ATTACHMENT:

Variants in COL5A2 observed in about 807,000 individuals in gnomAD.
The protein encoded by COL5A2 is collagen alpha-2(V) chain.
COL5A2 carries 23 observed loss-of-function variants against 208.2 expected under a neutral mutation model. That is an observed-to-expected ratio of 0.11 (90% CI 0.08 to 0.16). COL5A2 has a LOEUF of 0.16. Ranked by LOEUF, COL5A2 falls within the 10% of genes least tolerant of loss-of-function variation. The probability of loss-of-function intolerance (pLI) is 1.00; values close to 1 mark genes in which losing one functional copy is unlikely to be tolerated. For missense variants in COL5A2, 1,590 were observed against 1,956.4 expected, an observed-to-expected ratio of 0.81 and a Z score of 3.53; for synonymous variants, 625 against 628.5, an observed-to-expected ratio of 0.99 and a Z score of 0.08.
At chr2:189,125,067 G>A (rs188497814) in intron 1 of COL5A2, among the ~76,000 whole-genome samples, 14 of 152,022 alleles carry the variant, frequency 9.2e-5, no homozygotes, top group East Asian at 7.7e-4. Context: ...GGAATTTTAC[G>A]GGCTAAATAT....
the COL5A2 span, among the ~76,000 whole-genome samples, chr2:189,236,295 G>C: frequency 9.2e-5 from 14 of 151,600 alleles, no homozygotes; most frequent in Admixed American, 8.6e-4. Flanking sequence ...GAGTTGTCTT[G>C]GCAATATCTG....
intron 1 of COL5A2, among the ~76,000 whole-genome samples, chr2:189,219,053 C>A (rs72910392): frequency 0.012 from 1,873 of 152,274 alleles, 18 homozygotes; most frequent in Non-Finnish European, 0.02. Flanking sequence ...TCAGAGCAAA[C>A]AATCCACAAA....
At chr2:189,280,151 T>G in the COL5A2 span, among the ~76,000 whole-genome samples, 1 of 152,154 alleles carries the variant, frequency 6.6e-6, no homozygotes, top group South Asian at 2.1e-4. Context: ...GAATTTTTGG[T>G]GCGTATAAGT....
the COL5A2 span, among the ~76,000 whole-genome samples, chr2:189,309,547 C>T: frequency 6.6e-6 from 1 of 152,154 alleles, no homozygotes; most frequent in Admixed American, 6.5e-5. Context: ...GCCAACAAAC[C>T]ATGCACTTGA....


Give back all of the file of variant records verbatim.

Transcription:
Variants in COL5A2 observed in about 807,000 individuals in gnomAD.
The protein encoded by COL5A2 is collagen alpha-2(V) chain.
COL5A2 carries 23 observed loss-of-function variants against 208.2 expected under a neutral mutation model. That is an observed-to-expected ratio of 0.11 (90% CI 0.08 to 0.16). COL5A2 has a LOEUF of 0.16. Ranked by LOEUF, COL5A2 falls within the 10% of genes least tolerant of loss-of-function variation. The probability of loss-of-function intolerance (pLI) is 1.00; values close to 1 mark genes in which losing one functional copy is unlikely to be tolerated. For missense variants in COL5A2, 1,590 were observed against 1,956.4 expected, an observed-to-expected ratio of 0.81 and a Z score of 3.53; for synonymous variants, 625 against 628.5, an observed-to-expected ratio of 0.99 and a Z score of 0.08.
At chr2:189,125,067 G>A (rs188497814) in intron 1 of COL5A2, among the ~76,000 whole-genome samples, 14 of 152,022 alleles carry the variant, frequency 9.2e-5, no homozygotes, top group East Asian at 7.7e-4. Context: ...GGAATTTTAC[G>A]GGCTAAATAT....
the COL5A2 span, among the ~76,000 whole-genome samples, chr2:189,236,295 G>C: frequency 9.2e-5 from 14 of 151,600 alleles, no homozygotes; most frequent in Admixed American, 8.6e-4. Flanking sequence ...GAGTTGTCTT[G>C]GCAATATCTG....
intron 1 of COL5A2, among the ~76,000 whole-genome samples, chr2:189,219,053 C>A (rs72910392): frequency 0.012 from 1,873 of 152,274 alleles, 18 homozygotes; most frequent in Non-Finnish European, 0.02. Flanking sequence ...TCAGAGCAAA[C>A]AATCCACAAA....
At chr2:189,280,151 T>G in the COL5A2 span, among the ~76,000 whole-genome samples, 1 of 152,154 alleles carries the variant, frequency 6.6e-6, no homozygotes, top group South Asian at 2.1e-4. Context: ...GAATTTTTGG[T>G]GCGTATAAGT....
the COL5A2 span, among the ~76,000 whole-genome samples, chr2:189,309,547 C>T: frequency 6.6e-6 from 1 of 152,154 alleles, no homozygotes; most frequent in Admixed American, 6.5e-5. Context: ...GCCAACAAAC[C>T]ATGCACTTGA....